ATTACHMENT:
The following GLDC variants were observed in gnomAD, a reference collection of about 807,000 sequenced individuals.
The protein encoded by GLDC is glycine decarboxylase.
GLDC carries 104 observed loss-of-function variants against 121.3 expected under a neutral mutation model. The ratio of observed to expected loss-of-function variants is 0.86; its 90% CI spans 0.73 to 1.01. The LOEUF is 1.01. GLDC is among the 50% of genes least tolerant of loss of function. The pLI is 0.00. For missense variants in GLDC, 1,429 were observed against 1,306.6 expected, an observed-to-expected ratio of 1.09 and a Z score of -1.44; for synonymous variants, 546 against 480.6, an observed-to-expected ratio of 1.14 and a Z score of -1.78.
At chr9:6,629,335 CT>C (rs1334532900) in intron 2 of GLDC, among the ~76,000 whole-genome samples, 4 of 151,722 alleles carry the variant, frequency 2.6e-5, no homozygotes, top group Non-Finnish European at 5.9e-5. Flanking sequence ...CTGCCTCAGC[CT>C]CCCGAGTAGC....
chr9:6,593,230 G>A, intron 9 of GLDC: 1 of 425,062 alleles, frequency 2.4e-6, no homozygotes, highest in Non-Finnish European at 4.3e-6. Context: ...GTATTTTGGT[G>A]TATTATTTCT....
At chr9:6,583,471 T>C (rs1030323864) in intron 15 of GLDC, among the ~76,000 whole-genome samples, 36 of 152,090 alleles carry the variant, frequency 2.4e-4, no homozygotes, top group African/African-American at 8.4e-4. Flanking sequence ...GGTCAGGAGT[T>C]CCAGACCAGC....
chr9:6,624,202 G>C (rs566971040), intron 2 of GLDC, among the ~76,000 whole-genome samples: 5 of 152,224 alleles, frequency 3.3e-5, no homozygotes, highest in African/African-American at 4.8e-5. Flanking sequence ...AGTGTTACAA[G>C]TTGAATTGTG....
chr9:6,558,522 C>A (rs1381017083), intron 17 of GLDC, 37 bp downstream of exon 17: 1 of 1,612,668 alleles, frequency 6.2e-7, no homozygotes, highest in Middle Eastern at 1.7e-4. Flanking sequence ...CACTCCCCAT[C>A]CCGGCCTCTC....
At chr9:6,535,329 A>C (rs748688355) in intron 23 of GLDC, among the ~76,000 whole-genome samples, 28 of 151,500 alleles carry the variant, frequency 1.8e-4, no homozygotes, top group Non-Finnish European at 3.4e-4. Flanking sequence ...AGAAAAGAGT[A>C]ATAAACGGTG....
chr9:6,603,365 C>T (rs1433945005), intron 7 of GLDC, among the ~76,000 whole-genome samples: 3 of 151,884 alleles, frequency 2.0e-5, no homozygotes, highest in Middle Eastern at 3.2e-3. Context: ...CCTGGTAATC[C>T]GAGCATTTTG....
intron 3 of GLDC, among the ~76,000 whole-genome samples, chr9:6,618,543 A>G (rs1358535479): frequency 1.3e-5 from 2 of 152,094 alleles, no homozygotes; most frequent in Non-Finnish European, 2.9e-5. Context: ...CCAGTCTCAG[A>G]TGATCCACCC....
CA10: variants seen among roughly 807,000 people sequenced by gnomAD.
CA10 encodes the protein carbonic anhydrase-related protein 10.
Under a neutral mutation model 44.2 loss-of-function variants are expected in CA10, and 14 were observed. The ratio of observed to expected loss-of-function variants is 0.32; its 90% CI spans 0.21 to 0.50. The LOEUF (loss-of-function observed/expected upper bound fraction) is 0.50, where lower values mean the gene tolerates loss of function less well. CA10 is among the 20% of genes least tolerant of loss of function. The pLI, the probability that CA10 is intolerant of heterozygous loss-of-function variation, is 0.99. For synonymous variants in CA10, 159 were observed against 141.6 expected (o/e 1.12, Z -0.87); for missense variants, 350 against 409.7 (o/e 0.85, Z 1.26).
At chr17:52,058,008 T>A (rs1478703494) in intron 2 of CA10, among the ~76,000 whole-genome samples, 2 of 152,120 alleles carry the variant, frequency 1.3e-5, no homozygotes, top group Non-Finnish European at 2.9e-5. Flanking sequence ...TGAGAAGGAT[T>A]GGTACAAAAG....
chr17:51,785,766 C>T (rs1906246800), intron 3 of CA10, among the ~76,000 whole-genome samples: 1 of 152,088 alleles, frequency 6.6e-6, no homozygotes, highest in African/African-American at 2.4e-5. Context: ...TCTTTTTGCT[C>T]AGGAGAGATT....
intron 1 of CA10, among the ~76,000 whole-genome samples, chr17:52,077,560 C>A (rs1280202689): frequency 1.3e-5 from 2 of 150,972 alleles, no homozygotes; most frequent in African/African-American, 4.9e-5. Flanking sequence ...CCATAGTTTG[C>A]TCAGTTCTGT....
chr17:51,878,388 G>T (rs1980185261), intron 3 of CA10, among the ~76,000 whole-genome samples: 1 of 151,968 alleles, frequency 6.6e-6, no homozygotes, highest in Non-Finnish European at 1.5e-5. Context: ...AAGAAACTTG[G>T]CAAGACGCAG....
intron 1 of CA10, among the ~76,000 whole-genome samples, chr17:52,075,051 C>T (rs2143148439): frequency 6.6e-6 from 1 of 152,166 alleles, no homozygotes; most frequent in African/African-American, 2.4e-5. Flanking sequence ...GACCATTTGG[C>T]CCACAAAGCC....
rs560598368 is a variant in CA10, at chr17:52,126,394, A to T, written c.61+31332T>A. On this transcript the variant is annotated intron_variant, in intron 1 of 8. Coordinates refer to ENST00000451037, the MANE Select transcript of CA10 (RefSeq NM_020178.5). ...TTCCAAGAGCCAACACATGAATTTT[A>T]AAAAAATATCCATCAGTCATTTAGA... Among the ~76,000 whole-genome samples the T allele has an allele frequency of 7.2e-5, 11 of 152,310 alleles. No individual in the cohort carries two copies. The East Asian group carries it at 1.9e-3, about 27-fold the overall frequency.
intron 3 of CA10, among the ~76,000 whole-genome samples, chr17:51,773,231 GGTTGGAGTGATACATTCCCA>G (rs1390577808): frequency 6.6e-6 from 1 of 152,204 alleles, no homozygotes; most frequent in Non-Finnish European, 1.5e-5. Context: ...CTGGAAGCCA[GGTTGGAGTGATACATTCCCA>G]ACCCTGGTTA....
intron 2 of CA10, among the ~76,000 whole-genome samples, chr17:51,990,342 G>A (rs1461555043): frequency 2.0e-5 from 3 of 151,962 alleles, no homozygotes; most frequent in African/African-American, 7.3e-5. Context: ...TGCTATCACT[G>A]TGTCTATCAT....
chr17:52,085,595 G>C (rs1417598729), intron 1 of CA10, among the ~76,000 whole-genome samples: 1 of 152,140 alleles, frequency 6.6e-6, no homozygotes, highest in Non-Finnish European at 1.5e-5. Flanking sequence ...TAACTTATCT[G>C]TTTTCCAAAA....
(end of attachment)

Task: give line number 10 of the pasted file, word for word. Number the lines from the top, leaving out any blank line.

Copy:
chr9:6,603,365 C>T (rs1433945005), intron 7 of GLDC, among the ~76,000 whole-genome samples: 3 of 151,884 alleles, frequency 2.0e-5, no homozygotes, highest in Middle Eastern at 3.2e-3. Context: ...CCTGGTAATC[C>T]GAGCATTTTG....